It hasn’t been a week full of good news for Qualcomm. Qualcomm is losing battles on three different fronts, putting serious pressure on its global campaign to maintain the patent licensing scheme that regulators in many countries have found to have anti-competitive effects.
FTC v. Qualcomm
The FTC v. Qualcomm case, in which the FTC is arguing that Qualcomm’s licensing practices represent illegal anti-competitive conduct, has been submitted to Judge Koh. The FTC—having already won one major victory, with Judge Koh issuing summary judgment that Qualcomm has been violating its obligations for years—put forth a compelling case that Qualcomm has engaged in a pattern of conduct that had the effect of taxing its competitors. (Qualcomm’s reason for violating this obligation, per a discussion with the IRS? It was “humongously more lucrative” to ignore the obligation.)
During the trial, Qualcomm repeatedly made assertions about how it operated—whether claiming it didn’t threaten to stop selling chips to companies who chose not to license its patents or claiming that no one in the industry obtains chipset-level licenses, even though Qualcomm requires them when it’s the licensee—that the FTC rebutted with documentary evidence. Qualcomm’s case—centering on the argument that the FTC had failed to show any competitive harm—lacked impact, given that the FTC showed via industry witnesses and expert testimony that Qualcomm’s practices had harmed competitors like Intel by delaying their ability to gain a foothold in the market and had allowed Qualcomm to continue charging the same percentage rate, even as their share of the technology contributed to the standards declined over time.
While we won’t know Judge Koh’s ruling for some time—even a judge with a track record of working as quickly as Judge Koh does will take some time to digest the evidence and arguments in a case of this scale—we do have a hint. More than a year and a half ago, Judge Koh denied Qualcomm’s motion to dismiss the case. She based her decision on certain factual claims.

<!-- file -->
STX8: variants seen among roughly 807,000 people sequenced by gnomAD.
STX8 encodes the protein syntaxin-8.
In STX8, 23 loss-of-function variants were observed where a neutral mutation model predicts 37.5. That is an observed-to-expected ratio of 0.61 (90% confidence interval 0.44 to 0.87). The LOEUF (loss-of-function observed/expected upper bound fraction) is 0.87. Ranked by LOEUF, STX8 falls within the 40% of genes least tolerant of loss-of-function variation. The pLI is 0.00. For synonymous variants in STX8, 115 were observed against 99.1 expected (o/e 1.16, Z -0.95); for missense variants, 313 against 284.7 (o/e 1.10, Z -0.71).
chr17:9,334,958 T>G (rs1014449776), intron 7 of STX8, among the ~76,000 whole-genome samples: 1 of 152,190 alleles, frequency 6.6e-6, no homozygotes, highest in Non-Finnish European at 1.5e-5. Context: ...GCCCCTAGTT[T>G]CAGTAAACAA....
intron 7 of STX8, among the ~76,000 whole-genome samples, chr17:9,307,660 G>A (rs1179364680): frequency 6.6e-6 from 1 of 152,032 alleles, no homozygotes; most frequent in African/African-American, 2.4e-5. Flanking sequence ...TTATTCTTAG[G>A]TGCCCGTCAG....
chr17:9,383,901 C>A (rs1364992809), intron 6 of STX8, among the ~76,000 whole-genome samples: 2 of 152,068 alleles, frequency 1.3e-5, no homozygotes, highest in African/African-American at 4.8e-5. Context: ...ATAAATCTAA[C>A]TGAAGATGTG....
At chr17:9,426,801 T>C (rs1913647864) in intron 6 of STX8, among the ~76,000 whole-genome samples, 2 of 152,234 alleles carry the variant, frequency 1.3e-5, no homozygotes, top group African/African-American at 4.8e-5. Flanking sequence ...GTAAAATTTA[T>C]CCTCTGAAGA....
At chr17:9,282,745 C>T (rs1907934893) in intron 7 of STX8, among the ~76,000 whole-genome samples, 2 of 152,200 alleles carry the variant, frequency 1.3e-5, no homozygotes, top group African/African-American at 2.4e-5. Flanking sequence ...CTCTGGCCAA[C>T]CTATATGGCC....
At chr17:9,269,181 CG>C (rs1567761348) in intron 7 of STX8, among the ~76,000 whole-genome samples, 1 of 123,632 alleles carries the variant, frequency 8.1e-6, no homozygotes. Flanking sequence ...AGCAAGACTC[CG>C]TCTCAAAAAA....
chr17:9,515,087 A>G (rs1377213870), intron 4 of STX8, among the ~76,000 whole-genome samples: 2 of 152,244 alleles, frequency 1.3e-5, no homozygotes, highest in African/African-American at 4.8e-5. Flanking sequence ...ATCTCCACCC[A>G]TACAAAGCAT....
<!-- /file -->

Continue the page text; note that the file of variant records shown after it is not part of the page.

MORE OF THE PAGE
None of those claims has been rebutted by Qualcomm during the course of the trial. All remain true.
Beyond the Northern District of California, Qualcomm’s foreign adventures have also hit a significant roadblock. While Qualcomm won an initial battle, convincing a German court to issue an injunction against several older Apple phones1, its more important cases, claiming that all of Apple’s phones infringe Qualcomm patents, have run into a wall. Half of the cases were thrown out, with the court deciding that the patents simply weren’t infringed. And in the other half of the cases, the German court invited Qualcomm to submit its response regarding the European Patent Office’s determination that the patents were not valid.
It’s not just in Europe that Qualcomm’s patents are seeing scrutiny and failing to hold up. In the U.S. Patent and Trademark Office, eight of Qualcomm’s patents have already been deemed reasonably likely to be proven invalid in IPRs. There are another 10 Qualcomm patents awaiting preliminary decisions. But so far, none of the IPR petitions filed against Qualcomm’s patents have failed at the threshold question of a reasonable likelihood of invalidity—even though approximately 40% of petitions fail at this stage.
Qualcomm may have good technology, but more and more, it’s looking like that technology has been marred by its association with questionable business practices and poor quality patents.
- The German court issued this order even though it never had any opportunity to study the details of the chip in question, only a teardown report. The chipmaker, Qorvo, was willing to provide access to the details to the court, but Qualcomm refused to agree to the protections Qorvo asked for to prevent its confidential information winding up in the hands of Qualcomm’s engineers. As a result, that information wasn’t presented in court. This is significant because in the U.S., the International Trade Commission determined that the U.S. equivalent to the European patent in question was not infringed—and the ITC had access to the details of the chip. ↵